Doc. 87.-rebel raid into Lebanon, Ky., July 11-12, 1862.A correspondent of the Louisville Journal gives the following account of this affair:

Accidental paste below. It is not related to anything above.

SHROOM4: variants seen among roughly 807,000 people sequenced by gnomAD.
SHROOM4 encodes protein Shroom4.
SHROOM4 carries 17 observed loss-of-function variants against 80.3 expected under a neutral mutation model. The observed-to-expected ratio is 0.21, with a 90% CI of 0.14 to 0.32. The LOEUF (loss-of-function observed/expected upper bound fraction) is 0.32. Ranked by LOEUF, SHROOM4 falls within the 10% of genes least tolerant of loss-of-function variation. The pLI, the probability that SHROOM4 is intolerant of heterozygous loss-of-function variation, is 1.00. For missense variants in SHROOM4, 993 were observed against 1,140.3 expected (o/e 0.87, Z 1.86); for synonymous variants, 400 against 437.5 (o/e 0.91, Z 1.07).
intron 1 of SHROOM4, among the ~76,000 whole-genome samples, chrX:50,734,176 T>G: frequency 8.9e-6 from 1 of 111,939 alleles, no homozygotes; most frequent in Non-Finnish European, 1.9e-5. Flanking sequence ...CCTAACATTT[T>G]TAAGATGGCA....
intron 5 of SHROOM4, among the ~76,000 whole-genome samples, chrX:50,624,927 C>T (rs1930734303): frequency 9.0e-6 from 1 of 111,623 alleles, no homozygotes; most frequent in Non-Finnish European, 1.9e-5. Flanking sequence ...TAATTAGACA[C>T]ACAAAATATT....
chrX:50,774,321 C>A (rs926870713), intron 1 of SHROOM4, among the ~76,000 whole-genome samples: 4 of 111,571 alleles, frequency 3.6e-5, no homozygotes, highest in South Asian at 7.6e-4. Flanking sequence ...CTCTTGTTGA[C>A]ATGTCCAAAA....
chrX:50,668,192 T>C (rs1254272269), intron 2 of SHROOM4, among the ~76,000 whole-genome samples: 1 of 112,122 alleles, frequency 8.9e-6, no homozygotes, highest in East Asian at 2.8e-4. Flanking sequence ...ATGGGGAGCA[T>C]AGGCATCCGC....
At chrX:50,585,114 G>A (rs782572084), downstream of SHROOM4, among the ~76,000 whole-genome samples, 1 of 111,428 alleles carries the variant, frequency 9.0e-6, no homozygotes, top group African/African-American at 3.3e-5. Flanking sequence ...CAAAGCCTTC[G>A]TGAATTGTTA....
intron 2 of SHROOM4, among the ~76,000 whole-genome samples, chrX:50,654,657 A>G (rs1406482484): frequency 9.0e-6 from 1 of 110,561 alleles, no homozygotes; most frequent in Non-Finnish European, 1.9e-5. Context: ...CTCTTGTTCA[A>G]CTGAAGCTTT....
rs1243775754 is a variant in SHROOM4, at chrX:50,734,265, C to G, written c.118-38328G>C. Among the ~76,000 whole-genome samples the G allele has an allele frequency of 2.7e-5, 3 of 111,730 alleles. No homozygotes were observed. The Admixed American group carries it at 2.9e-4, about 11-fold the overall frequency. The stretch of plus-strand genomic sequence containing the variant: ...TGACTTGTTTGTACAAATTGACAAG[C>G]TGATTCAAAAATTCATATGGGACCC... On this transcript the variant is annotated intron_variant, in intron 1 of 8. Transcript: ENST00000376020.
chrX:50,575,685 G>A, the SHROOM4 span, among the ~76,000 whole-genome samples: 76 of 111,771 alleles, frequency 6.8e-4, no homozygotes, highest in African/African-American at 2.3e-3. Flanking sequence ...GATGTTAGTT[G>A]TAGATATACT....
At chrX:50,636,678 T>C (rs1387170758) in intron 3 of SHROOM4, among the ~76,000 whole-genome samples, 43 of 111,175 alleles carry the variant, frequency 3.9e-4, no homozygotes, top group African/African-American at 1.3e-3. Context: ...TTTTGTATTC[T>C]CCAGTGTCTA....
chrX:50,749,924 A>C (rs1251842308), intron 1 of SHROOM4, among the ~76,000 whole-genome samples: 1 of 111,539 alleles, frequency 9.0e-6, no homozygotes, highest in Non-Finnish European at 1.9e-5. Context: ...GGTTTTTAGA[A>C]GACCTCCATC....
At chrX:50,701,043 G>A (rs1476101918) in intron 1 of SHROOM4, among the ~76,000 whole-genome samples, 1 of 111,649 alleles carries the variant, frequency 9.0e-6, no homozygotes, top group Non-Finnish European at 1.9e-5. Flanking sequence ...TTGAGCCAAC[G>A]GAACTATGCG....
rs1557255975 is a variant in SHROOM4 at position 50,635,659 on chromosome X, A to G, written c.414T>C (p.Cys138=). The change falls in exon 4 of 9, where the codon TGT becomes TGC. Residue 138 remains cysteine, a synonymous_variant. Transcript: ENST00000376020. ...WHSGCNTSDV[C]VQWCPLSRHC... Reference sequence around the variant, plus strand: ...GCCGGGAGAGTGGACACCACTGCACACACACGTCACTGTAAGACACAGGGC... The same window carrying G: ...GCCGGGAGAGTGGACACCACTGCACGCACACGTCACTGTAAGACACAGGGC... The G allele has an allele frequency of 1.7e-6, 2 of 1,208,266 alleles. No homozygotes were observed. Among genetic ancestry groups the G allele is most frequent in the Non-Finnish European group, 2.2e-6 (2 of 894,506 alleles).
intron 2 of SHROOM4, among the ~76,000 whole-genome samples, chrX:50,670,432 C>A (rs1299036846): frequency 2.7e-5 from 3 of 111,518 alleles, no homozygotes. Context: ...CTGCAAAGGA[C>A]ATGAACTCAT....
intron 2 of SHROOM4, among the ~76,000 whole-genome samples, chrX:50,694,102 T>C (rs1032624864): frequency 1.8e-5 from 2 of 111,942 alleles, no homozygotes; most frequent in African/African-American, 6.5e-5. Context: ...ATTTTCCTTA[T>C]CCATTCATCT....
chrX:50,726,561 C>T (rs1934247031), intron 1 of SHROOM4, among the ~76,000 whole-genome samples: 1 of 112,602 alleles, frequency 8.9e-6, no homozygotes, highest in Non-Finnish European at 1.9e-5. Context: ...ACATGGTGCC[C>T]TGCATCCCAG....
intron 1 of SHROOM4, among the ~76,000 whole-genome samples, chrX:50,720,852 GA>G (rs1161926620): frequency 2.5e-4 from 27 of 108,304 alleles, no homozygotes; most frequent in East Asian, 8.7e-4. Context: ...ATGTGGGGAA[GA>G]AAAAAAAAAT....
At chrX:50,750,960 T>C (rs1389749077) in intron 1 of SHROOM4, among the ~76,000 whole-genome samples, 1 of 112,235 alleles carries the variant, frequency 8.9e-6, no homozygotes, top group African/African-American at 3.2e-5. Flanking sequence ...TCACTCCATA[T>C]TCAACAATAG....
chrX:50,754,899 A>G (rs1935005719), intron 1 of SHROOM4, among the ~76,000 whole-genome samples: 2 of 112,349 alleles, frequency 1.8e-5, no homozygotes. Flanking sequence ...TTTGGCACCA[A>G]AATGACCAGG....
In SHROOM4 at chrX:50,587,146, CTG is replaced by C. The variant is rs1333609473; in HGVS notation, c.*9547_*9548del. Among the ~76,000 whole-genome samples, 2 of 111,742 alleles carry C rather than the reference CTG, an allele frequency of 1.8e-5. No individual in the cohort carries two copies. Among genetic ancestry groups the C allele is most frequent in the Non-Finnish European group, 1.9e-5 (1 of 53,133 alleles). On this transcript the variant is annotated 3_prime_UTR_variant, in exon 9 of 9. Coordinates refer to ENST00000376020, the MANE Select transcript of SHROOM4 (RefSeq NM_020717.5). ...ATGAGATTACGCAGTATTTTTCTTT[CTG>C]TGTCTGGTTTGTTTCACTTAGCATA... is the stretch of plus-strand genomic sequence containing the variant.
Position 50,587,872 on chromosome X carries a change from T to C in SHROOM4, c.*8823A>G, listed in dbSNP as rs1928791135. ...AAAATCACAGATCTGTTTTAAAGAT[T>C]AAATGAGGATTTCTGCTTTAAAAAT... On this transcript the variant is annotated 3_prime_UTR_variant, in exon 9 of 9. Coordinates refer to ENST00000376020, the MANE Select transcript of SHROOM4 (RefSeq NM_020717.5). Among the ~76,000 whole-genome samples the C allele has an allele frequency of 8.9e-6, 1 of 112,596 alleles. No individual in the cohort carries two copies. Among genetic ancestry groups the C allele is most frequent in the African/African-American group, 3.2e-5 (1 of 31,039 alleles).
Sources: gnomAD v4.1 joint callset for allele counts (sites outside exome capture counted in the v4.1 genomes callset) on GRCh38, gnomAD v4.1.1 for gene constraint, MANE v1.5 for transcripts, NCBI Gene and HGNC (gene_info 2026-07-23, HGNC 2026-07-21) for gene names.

Lebanon, Ky., July 15.Now that things are somewhat quiet in and near Lebanon, I have concluded to give you a fair and impartial history of events that have transpired since the coming and going of the farfamed Acting Brig.-Gen. J. H. Morgan, C. S. A. On Friday, the eleventh, it was reported here about noon, that Gen. Morgan had attacked and routed the Federal forces in Southern Kentucky, and that he was making his way to Lexington through Lebanon. Shortly after a despatch of this character was received, it was currently and correctly reported that the General, with a large force, was about twenty miles south-west of Le banon, near the little village of “Pinch 'em,” and that he would take Lebanon on that (Friday) night. Lieut.-Colonel A. Y. Johnston, in command at this place, immediately sent runners to the Home Guards to hold themselves in readiness for any emergency, and prepared Capt. Barth's company, under Capt. Barth's immediate charge, for offensive operations. Late in the evening ten or twelve soldiers, members of Capt. Barth's company, Twenty-eighth Kentucky, were sent to New Market, distance six miles from Lebanon, to guard the bridge across Rolling Fork at that point. The men were under charge of First Lieut. Catlin, and were joined by some fifteen Home Guards. Night came, and reenforcements were anxiously looked for from Louisville and other points. It was known that Morgan's force was large and in good fighting trim. The Lebanon Home Guard, Capt. Merrimee, met and sent pickets out on the roads leading into Lebanon. The entire force under Col. Johnston, at half-past 10 o'clock was near forty soldiers and forty Home Guards--in all eighty men. At half-past 11, as far as I can guess, news came that Morgan had reached New — Market  bridge, and that the guard there had fired on the enemy, driving them back. Col. Johnston ordered a soldier, whose name I forgot, and Mr. Hastings, with Lieut. Fidler, who had volunteered as aid to Col. Johnston, to go to New-Market, see what was being done, and report immediately. These gentlemen hurried forward, and, on going up a hill near New-Market, suddenly met the advance of Morgan's brigade, were ordered to halt, and, upon failure to do this, were fired upon. Some twenty shots were fired, but fortunately neither of the gentlemen were injured. Lieut. Fidler, being on a slow horse, was taken prisoner; his horse, saddle, and bridle, with a splendid navy-pistol, were taken from him. Hastings reported to the officer in command that Morgan was advancing with overwhelming numbers. The Lieut.-Colonel gave orders for no firing to be done, if the enemy was so much our superior in numbers. When Morgan's advance reached our pickets it was fired on, and immediately a sharp little skirmish began, which the whole body of soldiers soon participated in — the pickets having been compelled to fall back on the main body. Our soldiers were soon compelled to skedaddle by overwhelming numbers, and they fled in every direction, leaving two men on the field dead. Whether the enemy suffered any loss or not I cannot say. I saw several of their wounded who were badly hurt. The men killed on our side were Moses Rickets, an excellent citizen, honest, upright, well thought of by every one, a grocery-keeper; indeed, one of Lebanon's best citizens; and Mr. Dyke, a peaceable, quiet, kind, upright, respected man. Lebanon laments their loss very much. How terrible is war — the desolator of homes, and the great enemy of happiness! Lieut. Col. Johnston and eighteen privates of the Twenty-eighth Kentucky were taken prisoners, and some eight or nine citizens connected with the Home Guards. Morgan took possession of Lebanon, which he found almost depopulated, the citizens having fled to the country for protection. He gave orders that private property should be respected, and threatened any one with death who should disobey orders. His men quartered themselves where they best liked, ate when they pleased, and fed their horses on the corn and grain of all. They were not guilty of proffering pay for any thing. I believe I did see them offer confederate scrip when there was a possibility of getting good money in change. When day came, Morgan proclaimed that he was going to divide United States commissary stores here among the poor of the town, and destroy only the ordnance in store. But when he promised this he is suspected of having told a big bully, devilish-looking blackguard, whisky bloat, unmerciful, degenerated puppy — an Englishman, named Col. St. Leger Grenville, the same immaculate personage who desired to hang all Unionists, burn down the commodious depot here, and set on fire our court-house, insuring the entire destruction of our town — to burn down the depots for United States goods. I notice that only prominent rebels were so fortunate as to get any of the spoils. Our soldiers are compelling these fellows to disgorge. In the Government depots were sugar, coffee, flour, bread, etc., etc., and the destruction was immense; guns were bent double by hard licks over rocks, powder, cartridges, and caps were thrown into the creek. It is estimated that the Government lost near one hundred thousand dollars--perhaps more. The commodious hospital near town, with sick soldiers' clothing, was burned to the ground, and the sick turned out of doors. Fortunately their number was few. The wagon-yard, wagons, ambulances, etc., were destroyed. Morgan took possession of the town near three o'clock in the morning. He was detained at New-Market bridge nearly two hours by thirty men, and failed to force his way across the bridge until he brought his artillery to bear upon it. During the engagement he got two bullet-holes through the top of his hat. He awarded great praise to Lieut. Catlin and men for their daring and accuracy in shooting. The Lieutenant and men made good their escape, and lay out in the woods until Sunday last. When Morgan took possession of Lebanon he declared that he would respect private property. But his men failed to do it, and he failed to make them do it when his attention was called to their misdemeanors. The soldiery stole horses by the wholesale. It is a low estimate to say that Marion County had two hundred and fifty horses stolen. They wanted shoes, and took one hundred and fifty dollars' worth from Edmonds and Bro. Indeed, whenever they wanted any thing they went and took it — sometimes proffering confederate scrip as pay. They took the express-wagon and pressed Uncle Ben. Spalding's buggy into service. Indeed, they did any thing but respect private property. His men were respectful to ladies, and not generally insulting to citizens. They seemed to be of that class to which we apply the term “sporting gentlemen.” Although the men profess to be Kentuckians, I found that they had men from all the Southern States with them. A vast minority of them were Kentuckians. He at first refused to parole the citizen and Home Guard prisoners, denouncing them as guerrillas, and deserving death. A bright idea, that Home Guards, regularly authorized by law, meeting for the defence of their homes, are guerrillas! He was, I understand, particularly tight on Lieut. J. M. Fidler, who has lately resigned, telling him he ought to be shot, and threatening to carry him off to be tried by drum-head court-martial. He released him only on the personal application of the Southern Rights men of the town. The privates insisted on shooting Fidler. He says he feared them while in their charge. Morgan himself severely misused Mr. Hastings, after he captured him, sticking his spear into him in half a dozen places, from the effects of which he has not yet recovered. He afterwards begged his pardon for it. While the majority of the gang were as kind as could be expected, conversed freely with citizens  without insulting them, treated the prisoners very properly, yet many were ruffians of the lowest cast, deserving to be hung as high as Haman. They, the ruffians, cared neither for feelings, person, or property — gloried in insulting defenseless old men, and in stealing horses. All of the men had the most implicit confidence in Morgan. He does not appear to care much for discipline, permitting his men to go as they please. The men had no general uniform, and were armed to suit their own taste. They all had Adams's patent six-shooters, an English pistol, received, they said, from England a short time since. Many of them had shot-guns, a few only had sabres or bayonets. They left many of their guns here and took United States guns with them. They had two pieces of artillery here--two small howitzers. The citizens expected the gang to have committed so very many outrages that they are glad that it is as well as it is with them. True, the county has suffered in loss of horses, forage, etc., but the people are glad to have their lives spared. Champ Ferguson was along. No private buildings were burned or injured. I understand that they had a skirmish at Maxville with the Home Guards; I have not heard the particulars. It is said that two citizens were killed there. From the prisoners' conversation, I suspect that the raid was made as much for recruiting purposes as for any thing else. They expected the whole country to rally to their standard. They only got one recruit from Lebanon. They chased me a great distance, but failed to catch me.